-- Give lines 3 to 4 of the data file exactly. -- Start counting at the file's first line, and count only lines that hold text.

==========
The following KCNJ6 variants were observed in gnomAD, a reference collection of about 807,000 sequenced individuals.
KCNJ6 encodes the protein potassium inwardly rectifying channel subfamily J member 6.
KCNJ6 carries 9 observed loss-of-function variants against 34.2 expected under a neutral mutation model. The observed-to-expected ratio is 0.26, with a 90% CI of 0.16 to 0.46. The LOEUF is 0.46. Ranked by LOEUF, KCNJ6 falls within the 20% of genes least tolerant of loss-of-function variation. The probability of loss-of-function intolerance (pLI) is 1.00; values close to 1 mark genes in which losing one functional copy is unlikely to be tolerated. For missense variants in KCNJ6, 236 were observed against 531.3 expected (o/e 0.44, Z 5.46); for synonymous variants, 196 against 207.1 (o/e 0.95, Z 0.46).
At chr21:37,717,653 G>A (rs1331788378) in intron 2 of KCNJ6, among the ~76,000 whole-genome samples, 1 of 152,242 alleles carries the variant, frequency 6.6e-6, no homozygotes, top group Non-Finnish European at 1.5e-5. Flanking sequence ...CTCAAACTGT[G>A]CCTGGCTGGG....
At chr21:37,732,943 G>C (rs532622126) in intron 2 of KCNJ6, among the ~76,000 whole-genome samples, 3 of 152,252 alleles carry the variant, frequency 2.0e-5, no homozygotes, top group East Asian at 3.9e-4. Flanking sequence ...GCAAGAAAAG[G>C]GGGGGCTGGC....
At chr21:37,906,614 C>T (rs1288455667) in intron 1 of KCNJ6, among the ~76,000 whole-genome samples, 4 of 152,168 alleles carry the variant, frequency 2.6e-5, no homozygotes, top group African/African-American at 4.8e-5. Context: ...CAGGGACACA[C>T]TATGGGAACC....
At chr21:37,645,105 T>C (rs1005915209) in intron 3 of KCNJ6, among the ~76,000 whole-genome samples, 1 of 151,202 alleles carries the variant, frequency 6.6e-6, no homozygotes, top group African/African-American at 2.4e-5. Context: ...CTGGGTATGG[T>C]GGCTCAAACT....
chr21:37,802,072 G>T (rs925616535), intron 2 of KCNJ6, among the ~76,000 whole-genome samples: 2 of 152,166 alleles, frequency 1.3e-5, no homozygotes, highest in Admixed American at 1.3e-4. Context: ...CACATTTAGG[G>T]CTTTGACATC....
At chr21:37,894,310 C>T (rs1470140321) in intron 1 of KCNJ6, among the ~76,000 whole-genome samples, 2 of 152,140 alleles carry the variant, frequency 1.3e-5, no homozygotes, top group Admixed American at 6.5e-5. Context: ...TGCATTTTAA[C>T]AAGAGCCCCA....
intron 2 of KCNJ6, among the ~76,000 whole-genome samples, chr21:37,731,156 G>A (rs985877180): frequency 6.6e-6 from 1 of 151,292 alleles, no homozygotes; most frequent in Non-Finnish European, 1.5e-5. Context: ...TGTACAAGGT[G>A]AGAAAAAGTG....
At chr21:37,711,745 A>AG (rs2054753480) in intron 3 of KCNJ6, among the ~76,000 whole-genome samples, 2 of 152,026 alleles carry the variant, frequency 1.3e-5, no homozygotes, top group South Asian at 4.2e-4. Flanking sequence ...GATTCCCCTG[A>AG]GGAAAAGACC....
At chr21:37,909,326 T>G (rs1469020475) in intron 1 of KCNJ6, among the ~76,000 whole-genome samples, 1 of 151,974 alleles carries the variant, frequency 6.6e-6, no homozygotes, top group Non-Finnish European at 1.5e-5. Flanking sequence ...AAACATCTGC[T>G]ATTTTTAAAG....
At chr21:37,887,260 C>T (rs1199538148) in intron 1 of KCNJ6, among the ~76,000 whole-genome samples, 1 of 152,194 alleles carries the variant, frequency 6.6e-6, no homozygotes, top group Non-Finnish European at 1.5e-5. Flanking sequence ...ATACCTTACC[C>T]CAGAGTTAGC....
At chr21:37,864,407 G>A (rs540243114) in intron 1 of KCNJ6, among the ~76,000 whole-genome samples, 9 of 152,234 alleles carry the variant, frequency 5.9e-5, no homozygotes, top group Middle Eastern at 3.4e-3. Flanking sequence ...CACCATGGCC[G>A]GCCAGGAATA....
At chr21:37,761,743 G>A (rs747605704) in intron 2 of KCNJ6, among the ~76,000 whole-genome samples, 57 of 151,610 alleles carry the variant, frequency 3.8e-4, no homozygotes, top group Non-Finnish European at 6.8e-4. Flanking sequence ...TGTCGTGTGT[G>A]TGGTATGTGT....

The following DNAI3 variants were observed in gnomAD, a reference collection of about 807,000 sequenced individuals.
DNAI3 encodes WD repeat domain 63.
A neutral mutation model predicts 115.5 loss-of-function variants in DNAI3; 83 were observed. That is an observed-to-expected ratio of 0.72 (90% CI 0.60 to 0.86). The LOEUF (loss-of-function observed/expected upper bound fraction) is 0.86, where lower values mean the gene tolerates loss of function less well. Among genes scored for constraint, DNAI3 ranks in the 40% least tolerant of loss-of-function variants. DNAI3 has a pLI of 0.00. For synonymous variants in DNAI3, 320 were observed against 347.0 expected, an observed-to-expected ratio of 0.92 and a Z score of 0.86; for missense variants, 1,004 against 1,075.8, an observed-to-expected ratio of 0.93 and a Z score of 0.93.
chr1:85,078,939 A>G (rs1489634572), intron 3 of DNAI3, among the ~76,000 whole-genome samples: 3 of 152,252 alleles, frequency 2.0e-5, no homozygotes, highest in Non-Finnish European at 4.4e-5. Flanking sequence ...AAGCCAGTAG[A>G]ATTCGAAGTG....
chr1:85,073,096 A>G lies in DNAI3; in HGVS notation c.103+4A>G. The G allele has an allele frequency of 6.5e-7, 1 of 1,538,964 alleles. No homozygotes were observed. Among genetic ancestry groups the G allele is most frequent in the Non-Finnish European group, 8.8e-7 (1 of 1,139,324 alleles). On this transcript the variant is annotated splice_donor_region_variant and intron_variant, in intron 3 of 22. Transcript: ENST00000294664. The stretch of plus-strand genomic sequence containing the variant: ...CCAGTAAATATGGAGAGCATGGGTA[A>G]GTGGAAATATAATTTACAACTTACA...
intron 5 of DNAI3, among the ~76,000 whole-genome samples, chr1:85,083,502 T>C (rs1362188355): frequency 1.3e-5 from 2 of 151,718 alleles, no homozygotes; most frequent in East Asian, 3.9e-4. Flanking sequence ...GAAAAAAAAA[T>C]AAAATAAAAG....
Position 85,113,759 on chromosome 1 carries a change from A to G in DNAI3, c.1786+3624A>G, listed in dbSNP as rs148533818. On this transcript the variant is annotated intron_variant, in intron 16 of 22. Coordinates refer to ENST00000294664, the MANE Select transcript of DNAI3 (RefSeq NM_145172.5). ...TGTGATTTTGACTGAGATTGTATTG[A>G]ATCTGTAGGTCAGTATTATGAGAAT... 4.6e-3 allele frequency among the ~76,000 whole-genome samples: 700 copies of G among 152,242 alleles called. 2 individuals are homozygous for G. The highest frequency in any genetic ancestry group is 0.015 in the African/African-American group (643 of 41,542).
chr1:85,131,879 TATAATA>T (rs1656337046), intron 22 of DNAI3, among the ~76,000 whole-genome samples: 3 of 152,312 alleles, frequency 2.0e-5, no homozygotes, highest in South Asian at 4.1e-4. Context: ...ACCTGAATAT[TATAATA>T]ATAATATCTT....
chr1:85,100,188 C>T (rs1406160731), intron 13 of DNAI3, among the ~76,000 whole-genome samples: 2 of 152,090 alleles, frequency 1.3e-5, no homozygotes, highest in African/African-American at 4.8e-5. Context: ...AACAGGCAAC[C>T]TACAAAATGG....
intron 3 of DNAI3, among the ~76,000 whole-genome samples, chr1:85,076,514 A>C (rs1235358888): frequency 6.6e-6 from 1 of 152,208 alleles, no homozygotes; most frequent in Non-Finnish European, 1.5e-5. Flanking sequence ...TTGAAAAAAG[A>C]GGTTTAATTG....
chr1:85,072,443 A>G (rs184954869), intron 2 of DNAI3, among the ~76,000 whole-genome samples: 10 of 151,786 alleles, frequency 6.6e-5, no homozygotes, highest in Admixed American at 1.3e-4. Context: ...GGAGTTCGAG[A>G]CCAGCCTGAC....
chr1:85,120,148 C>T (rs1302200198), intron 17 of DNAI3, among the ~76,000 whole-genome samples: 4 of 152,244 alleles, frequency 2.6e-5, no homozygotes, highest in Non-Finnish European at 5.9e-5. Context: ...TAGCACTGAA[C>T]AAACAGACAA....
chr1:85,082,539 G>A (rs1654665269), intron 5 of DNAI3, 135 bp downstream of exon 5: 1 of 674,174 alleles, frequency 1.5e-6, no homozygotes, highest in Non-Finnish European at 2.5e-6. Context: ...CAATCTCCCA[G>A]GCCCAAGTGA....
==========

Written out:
KCNJ6 carries 9 observed loss-of-function variants against 34.2 expected under a neutral mutation model. The observed-to-expected ratio is 0.26, with a 90% CI of 0.16 to 0.46. The LOEUF is 0.46. Ranked by LOEUF, KCNJ6 falls within the 20% of genes least tolerant of loss-of-function variation. The probability of loss-of-function intolerance (pLI) is 1.00; values close to 1 mark genes in which losing one functional copy is unlikely to be tolerated. For missense variants in KCNJ6, 236 were observed against 531.3 expected (o/e 0.44, Z 5.46); for synonymous variants, 196 against 207.1 (o/e 0.95, Z 0.46).
At chr21:37,717,653 G>A (rs1331788378) in intron 2 of KCNJ6, among the ~76,000 whole-genome samples, 1 of 152,242 alleles carries the variant, frequency 6.6e-6, no homozygotes, top group Non-Finnish European at 1.5e-5. Flanking sequence ...CTCAAACTGT[G>A]CCTGGCTGGG....